CounselorBarb

Individual, Couples and Sexual Issues Counseling

How Life And Weight Loss Coaches Can Be Bad For Your Health

Look around- life coaches, weight loss coaches, beauty coaches, nutrition coaches…everyone wants to “coach” you on something!  And congratulations to you for wanting to improve your life.  I’m not here to rain on your parade- I just want to hand you an umbrella so you don’t accidentally get drenched.

See, none of these coaches are regulated by the state when it comes to handling emotional problems.  (Did you know that?)  That means they have no required training, have passed no standardized test, have not been under supervision, and are not subject to the mental health licensing board’s continuing scrutiny.  They are also not bound by a common code of ethics, mandated to take continuing education credits, including boundary issues, heck, I don’t even know if they are required to carry malpractice insurance.

Yet, these people will attempt to help you with your psychological issues.  Sure, they will present themselves as “self-esteem” or “relationship” issues, or even “self-defeating thinking.”  But do these professionals really know what to do when these common issues have roots that go beyond the weight that won’t come off, or your hesitation in pursuing that advanced degree?  What if the roots of these issues were deeper?  What if you’ve been told your whole life you were stupid (so you hesitate to improve your education) or that food meant comfort (so you never learned how to cope with depression in a healthy way).  Life coaches do not have the intense training and supervision required to gain the advanced skills required to cope with these types of issues.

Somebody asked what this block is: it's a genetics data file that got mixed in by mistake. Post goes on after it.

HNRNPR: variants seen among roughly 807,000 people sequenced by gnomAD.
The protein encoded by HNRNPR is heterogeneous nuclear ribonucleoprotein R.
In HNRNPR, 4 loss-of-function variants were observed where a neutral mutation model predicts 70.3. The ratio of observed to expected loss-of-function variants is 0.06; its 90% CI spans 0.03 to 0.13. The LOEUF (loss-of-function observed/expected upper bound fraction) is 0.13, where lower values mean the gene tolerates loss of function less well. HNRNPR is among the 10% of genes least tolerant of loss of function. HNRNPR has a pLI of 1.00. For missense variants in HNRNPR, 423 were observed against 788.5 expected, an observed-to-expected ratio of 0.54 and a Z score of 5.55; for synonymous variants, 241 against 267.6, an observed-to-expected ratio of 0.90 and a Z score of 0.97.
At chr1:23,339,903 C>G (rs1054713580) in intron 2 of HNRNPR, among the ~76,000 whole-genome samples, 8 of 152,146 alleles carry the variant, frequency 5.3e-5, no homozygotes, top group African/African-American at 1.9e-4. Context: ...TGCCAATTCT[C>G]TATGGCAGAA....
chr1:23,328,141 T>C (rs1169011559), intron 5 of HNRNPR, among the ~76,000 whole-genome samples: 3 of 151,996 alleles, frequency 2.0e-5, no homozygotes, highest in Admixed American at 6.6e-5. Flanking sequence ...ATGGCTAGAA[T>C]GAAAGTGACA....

A few years ago I was on vacation in Utah at a spa.  One evening, I was listening to a presentation by a life coach on how to overcome life’s obstacles (or something to that effect).  Someone raised their hand and spoke about how hard it’s been to carry on with life since their spouse died last year.  Immediately red flags raised in my mind, as they would in any other formally trained clinician.  Unfortunately, not so much for the life coach.  Instead, the presenter breezily said something to the effect that we must get over the bad things in life to get on with the good.  Horrified, I sought out the widow after the talk was over to make sure she was OK.  She told me she didn’t appreciate the life coach’s remark, that it was very insensitive and made her feel bad about feeling bad about her loss.  I was glad I was there that night, because I was able to briefly explain that people just don’t “get over” a loss that painful, and that it would take a very long time, and did  she have support, etc.  See what I mean?  I’m sure that life coach meant well, but she just hurt somebody by not understanding the limits of her own expertise, and not understanding enough about mental health to know what questions to ask and how to refer!  Rather, in her ignorance, she just papered over someone else’s pain.  And that widow didn’t pay money for this type of treatment, especially when she can get it out in the world everyday for free.

And, please, before I get hate mail from life coaches- I’m not saying they don’t have value.  Sure they do.  But before you use a life coach, you may want to ask if they work with a licensed mental health counselor, and how they decide whether or not to refer someone.  If you get any kind of vague answer, I would recommend finding another one.  As the objective professional, the life coach has the lion’s share of the responsibility in figuring out whether or not they are qualified to help you with your issues.

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1 Comment

  1. Several excellent points, Counselor Barb. It is surely an ethical issue if not potentially harmful to counsel someone in need of psychological intervention without having the proper training and credentials. The same can be said of those who attempt to advise others on what nutritional supplements to take. One is entering a dangerous realm making nutritional recommendations without knowing a person’s full medical condition, not being licensed where required by law, and not having the education or credentials as observed by a recognized authority. For science-based nutritional advice, see a fully qualified professional – a Registered Dietician.

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